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Black Panther’s Dora Milaje are getting their own comic series written by Nnedi Okorafor

Reuters/Mario Anzuoni
  • Yomi Kazeem
By Yomi Kazeem

Africa reporter

Published Last updated on This article is more than 2 years old.

Amid the cocktail of characters and cultures in Marvel’s Black Panther movie, Dora Milaje, the all-female bodyguards of the king of fictional Wakanda, have won themselves enough fans to strike out on their own.

Marvel has announced Wakanda Forever, a three-part comic series focused on the Dora Milaje, including characters like Okoye (played by Danai Gurira in the Black Panther movie). The comic series will be written by Nigerian-American author Nnedi Okorafor and will start in June.

It’s Okorafor’s latest engagement with Marvel after co-writing Black Panther: Long Live the King, a six-part series with the first issue released last December. Last year, Okorafor also wrote “Blessing in Disguise,” an eight-page comic set in Lagos, Nigeria for Marvel’s Venomverse anthology. Okorafor’s work has also attracted attention from other Hollywood heavyweights: in July 2017, HBO announced that her novel, Who Fears Death, will be turned into a television series with Game of Thrones creator George R. R. Martin as executive producer.

The Dora Milaje first appeared in Black Panther comics in November 1998 but have become more popular since they were brought to life on the big screen in the Black Panther movie. The characters are believed to have been inspired by an all-female military unit in ancient Dahomey, present-day Republic of Benin in West Africa. The unit was known for fighting colonial French forces in the 1800s but also for warring with neighboring kingdoms and and participating in slave raids around West Africa.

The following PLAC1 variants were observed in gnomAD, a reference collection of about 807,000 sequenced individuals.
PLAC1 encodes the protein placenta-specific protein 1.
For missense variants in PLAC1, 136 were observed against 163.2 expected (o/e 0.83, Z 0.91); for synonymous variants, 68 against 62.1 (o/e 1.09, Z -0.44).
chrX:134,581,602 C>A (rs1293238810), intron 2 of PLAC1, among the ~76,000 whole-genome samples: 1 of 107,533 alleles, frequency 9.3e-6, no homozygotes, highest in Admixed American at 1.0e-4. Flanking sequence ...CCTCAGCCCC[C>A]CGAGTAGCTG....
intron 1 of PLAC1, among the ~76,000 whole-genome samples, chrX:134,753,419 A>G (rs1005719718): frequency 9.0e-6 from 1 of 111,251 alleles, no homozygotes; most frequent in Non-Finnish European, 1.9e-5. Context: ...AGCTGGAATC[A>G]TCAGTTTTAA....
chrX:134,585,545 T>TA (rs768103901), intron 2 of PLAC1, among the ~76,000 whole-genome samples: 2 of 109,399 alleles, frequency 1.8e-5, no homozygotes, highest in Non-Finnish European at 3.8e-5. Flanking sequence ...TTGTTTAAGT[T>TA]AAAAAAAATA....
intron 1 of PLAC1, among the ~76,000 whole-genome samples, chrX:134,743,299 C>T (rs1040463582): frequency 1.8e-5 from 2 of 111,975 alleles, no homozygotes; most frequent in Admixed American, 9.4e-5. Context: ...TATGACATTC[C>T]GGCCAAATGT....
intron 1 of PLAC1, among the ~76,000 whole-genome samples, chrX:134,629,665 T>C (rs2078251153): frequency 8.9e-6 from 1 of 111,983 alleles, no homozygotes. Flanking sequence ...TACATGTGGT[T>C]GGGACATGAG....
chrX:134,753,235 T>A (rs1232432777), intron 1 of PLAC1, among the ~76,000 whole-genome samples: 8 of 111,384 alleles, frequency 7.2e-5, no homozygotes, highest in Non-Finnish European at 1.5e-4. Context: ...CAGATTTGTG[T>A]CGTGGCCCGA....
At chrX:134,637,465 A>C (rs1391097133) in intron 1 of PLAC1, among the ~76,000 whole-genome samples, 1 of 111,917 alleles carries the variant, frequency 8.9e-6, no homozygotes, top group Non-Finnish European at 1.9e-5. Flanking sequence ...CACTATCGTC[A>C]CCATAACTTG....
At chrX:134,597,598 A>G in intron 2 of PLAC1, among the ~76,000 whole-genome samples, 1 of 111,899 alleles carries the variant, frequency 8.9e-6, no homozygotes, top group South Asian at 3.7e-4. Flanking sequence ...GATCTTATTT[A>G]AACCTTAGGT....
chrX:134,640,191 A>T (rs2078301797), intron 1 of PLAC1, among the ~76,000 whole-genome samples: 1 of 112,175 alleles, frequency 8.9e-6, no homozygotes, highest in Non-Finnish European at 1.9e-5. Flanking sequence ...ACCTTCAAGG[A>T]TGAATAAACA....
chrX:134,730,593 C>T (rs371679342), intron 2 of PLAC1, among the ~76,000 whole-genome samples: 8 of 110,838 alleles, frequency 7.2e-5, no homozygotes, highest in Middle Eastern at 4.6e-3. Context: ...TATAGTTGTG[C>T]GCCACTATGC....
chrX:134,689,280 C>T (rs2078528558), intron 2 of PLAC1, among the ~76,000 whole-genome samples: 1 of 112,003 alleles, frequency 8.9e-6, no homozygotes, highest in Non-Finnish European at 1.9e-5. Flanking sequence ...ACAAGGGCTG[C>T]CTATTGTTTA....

Lupita Nyong’o and Viola Davis are also working on a new movieThe Woman King based on the true story of the Dora Milaje.

Marvel Studios
Black Panther’s Dora Milaje.

Already known for her work around Afrofuturism, writing about fictional Wakanda, an advanced technological haven in Africa, is right up Okorafor’s alley. “I like to write the future; the Africa I feel can be and the Africa that will be, that has always been my vision,” she told Vogue. “With Wakanda, a place set in the present but with a futuristic outlook, it wasn’t a hard transition—it made a lot of sense.”

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